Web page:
If you’re planning on repainting your wood shutters, it’s important to do it right. If you’ve ever noticed how some shutters –or even the window frames in some homes- are painted over the old coat, you know how this makes them look. The old paint, especially if it’s done in a more rushed, haphazard way, will coagulate in the corners, so that the more times you paint it, the deeper the piles of dried paint becomes. This will also expand outward, making the shutters appear to be old and poorly maintained.
Then, of course, you need to consider the cracking and chipping that commonly occurs with wood shutters. In most cases, wood shutters will be exposed to the direct sunlight for at least a few hours every day. No matter whether these are indoor or outdoor shutters, it’s going to affect the wood and paint finish.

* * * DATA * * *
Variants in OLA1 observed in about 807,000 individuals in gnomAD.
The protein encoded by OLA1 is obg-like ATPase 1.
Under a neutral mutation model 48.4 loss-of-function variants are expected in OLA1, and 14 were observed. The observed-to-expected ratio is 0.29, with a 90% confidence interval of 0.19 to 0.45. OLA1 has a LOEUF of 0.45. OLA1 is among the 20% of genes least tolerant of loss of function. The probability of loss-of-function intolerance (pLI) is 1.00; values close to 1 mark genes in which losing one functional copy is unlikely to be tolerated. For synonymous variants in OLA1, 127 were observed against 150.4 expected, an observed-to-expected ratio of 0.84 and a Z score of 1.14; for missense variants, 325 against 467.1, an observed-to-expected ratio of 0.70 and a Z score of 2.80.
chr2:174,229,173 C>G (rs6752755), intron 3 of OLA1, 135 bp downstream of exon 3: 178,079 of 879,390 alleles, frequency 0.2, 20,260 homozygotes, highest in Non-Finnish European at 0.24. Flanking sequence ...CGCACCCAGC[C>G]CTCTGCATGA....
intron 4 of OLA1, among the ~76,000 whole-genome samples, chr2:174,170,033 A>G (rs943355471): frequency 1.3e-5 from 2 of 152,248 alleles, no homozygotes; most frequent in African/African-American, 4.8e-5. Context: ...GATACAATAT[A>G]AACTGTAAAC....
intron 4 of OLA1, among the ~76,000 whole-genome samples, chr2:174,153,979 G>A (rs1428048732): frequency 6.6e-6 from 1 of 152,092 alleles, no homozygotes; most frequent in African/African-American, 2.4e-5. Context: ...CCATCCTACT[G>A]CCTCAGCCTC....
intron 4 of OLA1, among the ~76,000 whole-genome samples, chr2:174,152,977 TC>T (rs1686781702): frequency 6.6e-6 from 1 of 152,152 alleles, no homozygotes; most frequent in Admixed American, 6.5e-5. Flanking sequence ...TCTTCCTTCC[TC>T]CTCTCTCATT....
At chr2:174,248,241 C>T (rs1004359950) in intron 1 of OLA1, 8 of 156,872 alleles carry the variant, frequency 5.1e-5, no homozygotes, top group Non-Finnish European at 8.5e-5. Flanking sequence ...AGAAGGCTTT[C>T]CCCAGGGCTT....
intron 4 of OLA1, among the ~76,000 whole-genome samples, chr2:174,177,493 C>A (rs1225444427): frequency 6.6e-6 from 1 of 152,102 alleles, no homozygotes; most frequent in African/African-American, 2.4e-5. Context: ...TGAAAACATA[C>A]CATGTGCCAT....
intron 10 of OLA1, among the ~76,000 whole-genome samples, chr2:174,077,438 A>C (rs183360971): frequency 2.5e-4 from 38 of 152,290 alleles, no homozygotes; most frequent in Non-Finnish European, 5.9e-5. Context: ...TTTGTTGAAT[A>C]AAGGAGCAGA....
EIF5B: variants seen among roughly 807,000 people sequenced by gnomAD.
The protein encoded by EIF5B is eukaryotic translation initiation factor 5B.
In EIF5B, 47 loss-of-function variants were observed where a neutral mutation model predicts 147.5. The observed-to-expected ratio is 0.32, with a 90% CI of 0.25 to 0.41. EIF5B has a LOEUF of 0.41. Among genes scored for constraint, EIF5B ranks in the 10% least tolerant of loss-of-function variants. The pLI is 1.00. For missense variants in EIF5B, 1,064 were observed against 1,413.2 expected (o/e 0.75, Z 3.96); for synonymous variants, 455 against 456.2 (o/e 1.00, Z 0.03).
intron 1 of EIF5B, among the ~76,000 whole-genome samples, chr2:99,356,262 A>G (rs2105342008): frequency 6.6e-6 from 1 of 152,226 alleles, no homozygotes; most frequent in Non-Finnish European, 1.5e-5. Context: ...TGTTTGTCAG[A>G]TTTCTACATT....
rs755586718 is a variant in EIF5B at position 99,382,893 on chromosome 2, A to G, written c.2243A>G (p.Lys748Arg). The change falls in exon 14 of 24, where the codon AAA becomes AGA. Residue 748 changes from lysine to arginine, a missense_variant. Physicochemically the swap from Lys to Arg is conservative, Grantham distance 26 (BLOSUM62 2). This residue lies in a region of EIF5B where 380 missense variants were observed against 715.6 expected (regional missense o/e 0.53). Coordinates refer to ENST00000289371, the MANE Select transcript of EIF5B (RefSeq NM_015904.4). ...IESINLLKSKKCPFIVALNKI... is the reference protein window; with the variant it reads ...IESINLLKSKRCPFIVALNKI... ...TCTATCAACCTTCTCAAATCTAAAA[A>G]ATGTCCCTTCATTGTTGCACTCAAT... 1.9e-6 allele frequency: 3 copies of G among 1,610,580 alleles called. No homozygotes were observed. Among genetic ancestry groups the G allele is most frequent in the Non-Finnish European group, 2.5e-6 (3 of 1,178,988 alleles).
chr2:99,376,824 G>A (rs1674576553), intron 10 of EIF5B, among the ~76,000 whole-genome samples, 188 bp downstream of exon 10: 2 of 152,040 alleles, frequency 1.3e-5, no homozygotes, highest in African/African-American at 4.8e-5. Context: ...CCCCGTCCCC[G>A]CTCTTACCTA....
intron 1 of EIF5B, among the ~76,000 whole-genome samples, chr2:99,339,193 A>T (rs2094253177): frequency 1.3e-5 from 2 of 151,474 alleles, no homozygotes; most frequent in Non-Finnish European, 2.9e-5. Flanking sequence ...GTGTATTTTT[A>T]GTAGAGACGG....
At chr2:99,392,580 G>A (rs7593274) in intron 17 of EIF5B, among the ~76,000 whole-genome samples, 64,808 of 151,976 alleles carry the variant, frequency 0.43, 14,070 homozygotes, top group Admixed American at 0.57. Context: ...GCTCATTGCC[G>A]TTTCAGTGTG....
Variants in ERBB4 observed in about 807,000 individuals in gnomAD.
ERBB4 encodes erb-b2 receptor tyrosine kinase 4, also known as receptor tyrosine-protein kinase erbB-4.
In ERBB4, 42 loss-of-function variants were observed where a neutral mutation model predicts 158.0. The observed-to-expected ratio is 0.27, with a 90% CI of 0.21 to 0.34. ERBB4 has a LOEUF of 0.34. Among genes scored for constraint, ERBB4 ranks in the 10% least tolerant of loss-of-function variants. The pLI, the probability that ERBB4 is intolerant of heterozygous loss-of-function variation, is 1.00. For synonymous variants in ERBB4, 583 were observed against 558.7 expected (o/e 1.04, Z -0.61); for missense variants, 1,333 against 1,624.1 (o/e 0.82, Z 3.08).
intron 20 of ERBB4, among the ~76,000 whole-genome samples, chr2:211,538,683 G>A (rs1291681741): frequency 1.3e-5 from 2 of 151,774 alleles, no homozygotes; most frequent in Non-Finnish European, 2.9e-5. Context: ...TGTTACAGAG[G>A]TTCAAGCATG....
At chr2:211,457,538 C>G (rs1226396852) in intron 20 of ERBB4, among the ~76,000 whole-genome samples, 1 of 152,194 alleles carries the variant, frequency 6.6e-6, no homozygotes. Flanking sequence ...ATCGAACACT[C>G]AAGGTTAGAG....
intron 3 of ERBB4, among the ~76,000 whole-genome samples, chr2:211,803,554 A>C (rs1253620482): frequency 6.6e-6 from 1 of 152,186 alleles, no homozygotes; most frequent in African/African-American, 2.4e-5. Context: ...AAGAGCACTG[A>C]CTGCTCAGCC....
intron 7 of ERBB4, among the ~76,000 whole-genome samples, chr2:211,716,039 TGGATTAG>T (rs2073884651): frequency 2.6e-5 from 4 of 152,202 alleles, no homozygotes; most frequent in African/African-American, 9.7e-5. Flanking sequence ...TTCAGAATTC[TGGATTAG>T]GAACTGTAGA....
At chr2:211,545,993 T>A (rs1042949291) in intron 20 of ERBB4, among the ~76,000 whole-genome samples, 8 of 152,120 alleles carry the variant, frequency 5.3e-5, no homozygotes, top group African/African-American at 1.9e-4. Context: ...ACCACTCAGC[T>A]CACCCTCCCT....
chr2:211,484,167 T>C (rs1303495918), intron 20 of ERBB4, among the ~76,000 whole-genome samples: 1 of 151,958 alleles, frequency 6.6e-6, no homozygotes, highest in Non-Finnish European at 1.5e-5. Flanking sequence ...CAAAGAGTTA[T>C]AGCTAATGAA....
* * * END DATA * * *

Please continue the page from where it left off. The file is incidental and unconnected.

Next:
If you attempt to simply run a coat of paint over these wood shutters, you will still see the cracks and chips that were caused by drying and cracking. New paint might certainly cover up these imperfections, but you will still see the cracks and chipped out areas.
Once the paint dries, the cracked or chipped original paint will continue to chip and crack. This will likely cause the paint to eventually peel away, so you would then not only have the fresh paint flaking off with the old, but you’ll have an uneven finish and surface.
The only way you should ever repaint your wood shutters (and you can repaint them almost as often as you want, which will help to prolong the life of those shutters) is by stripping the old coat of paint from them first. Use a paint stripping chemical, scrape the old paint away, and then lightly sand them to a smooth finish.
Be sure to get into every corner so that once you repaint them, they will look brand new when you secure them back around or over your windows.